Our team approach to cancer diagnosis, treatment plan and follow-up, ensures options tailored to your condition.

Cancer Care Center

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Lung Cancer Patient Care at Boston Medical Center


At Boston Medical Center (BMC), the care of patients with lung cancer is a collaborative, multidisciplinary process. Organizing our services around each patient, we bring together the expertise of diverse specialists and manage your care from your first consultation and diagnosis through treatment and follow-up visits. We guide you throughout the entire process and provide all these services in one location.

In our highly supportive and collaborative environment, experts in lung cancer and related lung diseases provide you with the most advanced, coordinated and comprehensive medical care available anywhere – treatment that is effective and innovative in curing and controlling cancer and managing its impact on your quality of life.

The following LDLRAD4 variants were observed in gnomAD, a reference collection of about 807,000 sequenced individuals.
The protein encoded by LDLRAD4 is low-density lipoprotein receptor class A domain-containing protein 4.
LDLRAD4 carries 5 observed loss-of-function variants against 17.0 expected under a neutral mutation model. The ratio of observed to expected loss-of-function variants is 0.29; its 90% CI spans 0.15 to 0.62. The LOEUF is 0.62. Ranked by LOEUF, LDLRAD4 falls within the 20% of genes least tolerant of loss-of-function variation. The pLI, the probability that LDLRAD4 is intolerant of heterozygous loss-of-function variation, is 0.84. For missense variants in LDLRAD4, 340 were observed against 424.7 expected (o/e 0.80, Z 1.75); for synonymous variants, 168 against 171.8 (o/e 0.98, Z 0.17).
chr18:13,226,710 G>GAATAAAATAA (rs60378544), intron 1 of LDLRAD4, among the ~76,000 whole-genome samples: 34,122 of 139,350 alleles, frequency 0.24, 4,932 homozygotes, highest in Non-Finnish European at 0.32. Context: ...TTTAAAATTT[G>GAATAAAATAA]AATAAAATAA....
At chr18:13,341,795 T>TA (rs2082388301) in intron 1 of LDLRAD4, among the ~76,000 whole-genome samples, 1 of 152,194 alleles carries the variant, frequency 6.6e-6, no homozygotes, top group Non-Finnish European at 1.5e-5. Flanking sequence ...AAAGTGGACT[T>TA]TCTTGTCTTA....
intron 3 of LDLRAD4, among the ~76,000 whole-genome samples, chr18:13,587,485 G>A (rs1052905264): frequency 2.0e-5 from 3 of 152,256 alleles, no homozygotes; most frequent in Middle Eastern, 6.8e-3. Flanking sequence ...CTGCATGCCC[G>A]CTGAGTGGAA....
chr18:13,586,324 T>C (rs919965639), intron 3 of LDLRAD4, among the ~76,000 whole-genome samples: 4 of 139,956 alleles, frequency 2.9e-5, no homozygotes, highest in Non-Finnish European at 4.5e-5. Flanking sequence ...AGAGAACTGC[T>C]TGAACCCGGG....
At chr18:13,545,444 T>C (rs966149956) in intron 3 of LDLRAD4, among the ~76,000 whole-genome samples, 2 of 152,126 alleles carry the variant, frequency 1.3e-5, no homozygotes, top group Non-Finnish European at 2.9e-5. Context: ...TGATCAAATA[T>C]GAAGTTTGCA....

At BMC, diagnosis and treatment of patients with lung cancer combines the resources of a multidisciplinary clinical center dedicated to personal, patient-focused care with the state-of-the-art expertise and technological advances of a major teaching hospital. As the primary teaching affiliate of the Boston University School of Medicine, BMC is at the forefront of clinical practice, clinical trials, surgical expertise and research in lung cancer.

Lung cancer is highly treatable and often curable, even when a patient has severely damaged lungs and advanced disease. In our culture of innovation, collaboration and compassionate care, you will receive treatment from physicians who are nationally recognized leaders in the care of patients with all stages of lung cancer.

Our doctors are pioneering advances in effective, minimally invasive techniques that lower patients’ risk, pain and recovery time and enable even very ill patients to improve their quality of life.

Refer a patient with a single telephone call or e-mail to our Cancer Referral Hotline. Patients with a diagnosis or strong suspicion of cancer are given priority appointments within 72 hours. Call 617.638.5600 for a clinical consult or email CTO.Center@BMC.org.

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What is lung cancer?

Normal cells, the body's basic unit of life, divide in a regulated way to form new cells, and after performing their functions for a while, they die. However, cancer cells do not always die. Instead, these abnormal cells may multiply in an uncontrolled way and grow into a tumor.